Is marijuana an aphrodisiac? Can it be used as a sex aid?

Cannabis is for an aphrodesiac — for some people, ... it depends. | Photo courtesy of Canndescent
Cannabis can be an aphrodesiac — for some people, but it depends. | Photo courtesy of Canndescent

With Valentine’s Day fast-approaching and more states with legal cannabis than ever before, many are wondering if the trending botanical can spice up their plans for the most romantic night of the year. Could marijuana be the aphrodisiac you’ve been searching for? Read on to learn more.

Is marijuana an aphrodisiac? Can it be used as a sex aid?

Yes. According modern patient reports, historical texts and the scientific data, cannabis can be a potent aphrodisiac, and can even increase sexual pleasure. It’s not a magic bullet, however, and like any chemical substance — there can be side effects and people it’s not right for.

How are people using marijuana as an aphrodisiac?

Cannabis can be used as an aphrodisiac in many ways. Historically, it was taken in the form of a beverage, but today people use all kinds of methods. Smoking, vaping, and eating cannabis are all popular ways to get its aphrodisiac effects. Some even use cannabis lubricants.

Why are people using marijuana as an aphrodisiac?

Some say marijuana actually increases their arousal levels, leading to more sex. Some say cannabis helps by relaxing them, which takes them out of their head and into the moment. For others, the reason is the increased pleasurable sensations that can arise with cannabis. This effect can make sex feel even more enjoyable.

In addition, some patients report cannabis can help manage underlying issues like chronic pain, insomnia, anxiety or depression. These issues may make sex painful or unappealing, so relief from them can make a big difference.

Are there any potential side effect to using marijuana as an aphrodisiac?

Sure. People can react in different ways. If you take too much cannabis, or use certain types of cannabis high in THC — the main active ingredient in marijuana  — you may experience negative side effects like anxiety, dry mouth, increased heart-rate or difficulty concentrating. Cannabis can make people dizzy, or can be habit-forming. Cannabis can actually decrease arousal in some cases, and people are using a process of trial and error to figure out what works best for them, in terms of the dose, strain and form. In addition, overuse of cannabis can lead to decreased arousal and low sperm count in men.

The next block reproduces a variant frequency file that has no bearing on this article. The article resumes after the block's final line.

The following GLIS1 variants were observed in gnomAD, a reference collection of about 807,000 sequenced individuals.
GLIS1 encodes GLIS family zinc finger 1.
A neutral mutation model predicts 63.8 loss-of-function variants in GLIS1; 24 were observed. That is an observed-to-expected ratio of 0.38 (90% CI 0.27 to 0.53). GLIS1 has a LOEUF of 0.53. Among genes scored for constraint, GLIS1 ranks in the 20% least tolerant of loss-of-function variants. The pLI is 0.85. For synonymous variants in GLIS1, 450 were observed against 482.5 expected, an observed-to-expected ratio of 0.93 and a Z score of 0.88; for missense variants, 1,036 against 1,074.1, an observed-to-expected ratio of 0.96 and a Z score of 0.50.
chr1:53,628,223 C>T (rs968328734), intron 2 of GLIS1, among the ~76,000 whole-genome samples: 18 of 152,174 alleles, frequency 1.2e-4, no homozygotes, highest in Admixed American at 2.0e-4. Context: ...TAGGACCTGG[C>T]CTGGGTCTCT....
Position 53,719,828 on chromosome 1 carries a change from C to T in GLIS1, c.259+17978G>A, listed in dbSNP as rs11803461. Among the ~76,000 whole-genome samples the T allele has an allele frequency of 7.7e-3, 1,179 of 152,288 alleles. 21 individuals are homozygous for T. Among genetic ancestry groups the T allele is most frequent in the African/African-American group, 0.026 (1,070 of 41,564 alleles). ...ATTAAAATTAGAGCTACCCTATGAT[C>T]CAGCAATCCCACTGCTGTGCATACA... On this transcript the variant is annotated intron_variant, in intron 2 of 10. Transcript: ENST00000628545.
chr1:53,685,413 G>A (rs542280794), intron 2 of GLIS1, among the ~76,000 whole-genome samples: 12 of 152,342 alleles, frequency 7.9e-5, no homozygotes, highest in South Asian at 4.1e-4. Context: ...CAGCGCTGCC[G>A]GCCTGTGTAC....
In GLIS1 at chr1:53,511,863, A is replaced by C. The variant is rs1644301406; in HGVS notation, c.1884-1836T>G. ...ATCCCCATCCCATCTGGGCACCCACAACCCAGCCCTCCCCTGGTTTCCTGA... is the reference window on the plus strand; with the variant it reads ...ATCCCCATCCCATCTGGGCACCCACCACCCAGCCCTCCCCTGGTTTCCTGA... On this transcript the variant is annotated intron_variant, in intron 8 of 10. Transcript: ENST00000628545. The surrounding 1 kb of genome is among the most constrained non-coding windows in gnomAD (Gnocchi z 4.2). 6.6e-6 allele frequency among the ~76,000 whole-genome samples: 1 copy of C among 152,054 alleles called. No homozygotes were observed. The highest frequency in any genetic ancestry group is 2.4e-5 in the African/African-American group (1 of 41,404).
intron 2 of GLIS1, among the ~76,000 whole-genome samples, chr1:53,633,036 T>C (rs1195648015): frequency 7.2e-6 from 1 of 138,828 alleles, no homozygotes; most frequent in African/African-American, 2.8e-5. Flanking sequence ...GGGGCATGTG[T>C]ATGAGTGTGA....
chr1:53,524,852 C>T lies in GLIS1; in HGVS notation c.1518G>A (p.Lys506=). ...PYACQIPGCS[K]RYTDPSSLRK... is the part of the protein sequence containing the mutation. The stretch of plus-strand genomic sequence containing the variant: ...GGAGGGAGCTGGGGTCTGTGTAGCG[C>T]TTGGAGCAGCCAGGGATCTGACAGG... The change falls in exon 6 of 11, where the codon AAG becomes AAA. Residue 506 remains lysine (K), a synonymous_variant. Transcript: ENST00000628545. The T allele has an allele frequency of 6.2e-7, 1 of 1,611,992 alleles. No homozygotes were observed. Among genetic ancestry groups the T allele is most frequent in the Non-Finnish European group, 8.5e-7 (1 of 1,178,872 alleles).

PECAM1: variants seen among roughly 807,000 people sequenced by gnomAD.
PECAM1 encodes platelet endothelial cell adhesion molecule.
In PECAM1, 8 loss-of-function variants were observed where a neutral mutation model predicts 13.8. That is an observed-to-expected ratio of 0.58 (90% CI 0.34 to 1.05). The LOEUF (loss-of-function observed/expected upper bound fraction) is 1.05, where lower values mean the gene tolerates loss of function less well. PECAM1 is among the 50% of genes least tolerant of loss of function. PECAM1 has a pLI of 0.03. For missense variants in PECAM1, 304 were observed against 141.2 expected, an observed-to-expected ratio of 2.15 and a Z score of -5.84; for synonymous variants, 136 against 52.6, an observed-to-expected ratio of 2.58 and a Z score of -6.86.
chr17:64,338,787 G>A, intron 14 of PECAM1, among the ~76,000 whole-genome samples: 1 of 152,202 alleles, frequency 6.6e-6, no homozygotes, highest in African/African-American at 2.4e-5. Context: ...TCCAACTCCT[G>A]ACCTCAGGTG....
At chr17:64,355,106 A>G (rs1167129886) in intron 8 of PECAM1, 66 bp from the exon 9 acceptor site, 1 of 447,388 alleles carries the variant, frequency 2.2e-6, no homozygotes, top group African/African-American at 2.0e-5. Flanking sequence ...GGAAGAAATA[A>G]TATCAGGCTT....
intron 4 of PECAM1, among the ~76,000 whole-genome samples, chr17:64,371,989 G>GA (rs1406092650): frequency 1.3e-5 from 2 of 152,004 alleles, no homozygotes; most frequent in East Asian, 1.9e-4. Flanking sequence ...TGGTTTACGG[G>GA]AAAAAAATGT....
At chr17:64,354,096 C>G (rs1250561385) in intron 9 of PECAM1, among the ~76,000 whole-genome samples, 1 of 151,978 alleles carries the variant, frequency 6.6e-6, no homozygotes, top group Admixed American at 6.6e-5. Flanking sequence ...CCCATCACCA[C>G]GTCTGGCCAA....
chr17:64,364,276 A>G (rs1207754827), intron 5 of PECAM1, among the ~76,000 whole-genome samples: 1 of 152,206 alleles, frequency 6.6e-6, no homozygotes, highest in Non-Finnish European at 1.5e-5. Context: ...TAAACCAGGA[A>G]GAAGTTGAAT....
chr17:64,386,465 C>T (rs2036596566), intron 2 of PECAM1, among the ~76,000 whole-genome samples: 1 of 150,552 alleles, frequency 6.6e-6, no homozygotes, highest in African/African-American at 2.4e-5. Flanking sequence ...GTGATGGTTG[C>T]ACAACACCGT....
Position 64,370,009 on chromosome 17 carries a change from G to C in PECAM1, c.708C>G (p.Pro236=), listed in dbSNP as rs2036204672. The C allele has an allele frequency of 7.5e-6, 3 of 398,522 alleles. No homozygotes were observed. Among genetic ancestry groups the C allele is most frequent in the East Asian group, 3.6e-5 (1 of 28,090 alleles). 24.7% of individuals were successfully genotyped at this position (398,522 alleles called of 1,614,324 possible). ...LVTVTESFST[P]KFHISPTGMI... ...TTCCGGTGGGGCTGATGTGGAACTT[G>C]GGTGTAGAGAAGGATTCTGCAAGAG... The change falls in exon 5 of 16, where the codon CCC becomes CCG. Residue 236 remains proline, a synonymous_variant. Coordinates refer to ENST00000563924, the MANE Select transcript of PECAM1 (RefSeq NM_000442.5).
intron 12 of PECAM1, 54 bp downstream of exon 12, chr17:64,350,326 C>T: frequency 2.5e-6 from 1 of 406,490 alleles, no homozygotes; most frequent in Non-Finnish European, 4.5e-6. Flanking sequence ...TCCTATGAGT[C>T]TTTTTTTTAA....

Cannabis for intimacy — your mileage may vary. | Photo courtesy Drug Policy Alliance
Cannabis for intimacy — your mileage may vary. | Photo courtesy Drug Policy Alliance

Is there any science behind the use of marijuana as an aphrodisiac?

Yes. Your body’s natural endocannabinoid system is key in regulating things like pleasure, pain, relaxation, and homeostasis. When it is activated by the cannabinoids in cannabis, it can leave users feeling relaxed with increased pleasure and decreased pain. This can lead to increased arousal and even make sex even more enjoyable.    

While not everyone experiences cannabis as arousing, a 2016 study showed that cannabis users have more sex on average. Another study showed that in some cases (about 50%) cannabis leads to increased arousal. In the same study, 70% those who used cannabis before sex reported increased pleasure.

A separate 2016 survey of 289 women at a single ObGyn practice found “the majority of marijuana users before sex reported a better overall sexual experience, an increase in sex drive, a more pleasurable orgasm and a decrease in pain. There was no correlation between sexual difficulties and marijuana use before sex.”

Small amounts of cannabis could increase arousal while larger amounts could decrease it other researchers have found.

What types of marijuana products to people use for arousal?

People use all kind of marijuana products for arousal, from flower, like the aphrodisiac marketed bud Sexxpot, to edibles and vape pens. Some even use cannabis infused Lubes like Foria. The California cultivation brand THC Design recommends the strain XJ-13 for intimacy, based on a poll of 90 master growers.

A spokesperson stated: “Strains such as XJ-13 and Sour Diesel produce effects that uplift with a speedy, relaxed energy and euphoria, which can help let people let their guards down and relax, so intimacy can be open and real.”

Individual reactions to particular strains can vary, however. There can also be variance in the chemical composition of a particular strain depending on production methods, and cannabis strains can be mislabeled.

For cannabis-naive people, patients report that high-CBD flowers like CBD OG from CRAFT Oakland can reduce anxiety without the sometimes disorienting effects of THC. In a related 2011 study, cannabidiol reduced performance anxiety in a small controlled trial.

Who should not use marijuana as an aphrodisiac?

People with certain mental illnesses should avoid using cannabis, as it can worsen some symptoms. Couples trying to get pregnant (or women who already are pregnant), as well as minors, should also avoid using cannabis as an aphrodisiac. Do not take cannabis with alcohol or other drugs, as it can increase the likelihood of dizziness, nausea and vomiting. Cannabis users generally don’t have workplace employment rights, so you can be fired for off-duty cannabis use. Employers routinely urine screen for markers of cannabis use that stay in the body up to six weeks.

What is the history of cannabis’ uses as an aphrodisiac?

Cannabis has been used as an aphrodisiac in many cultures. In India it was used as far back as the 7th century AD. It’s use for sexual health was documented in Chinese texts, amongst Germanic tribes, and by many african cultures such as those in Uganda, Egypt, Morocco and Lebanon. In these historical cases, the cannabis was usually mixed into a beverage people could drink as an aphrodisiac.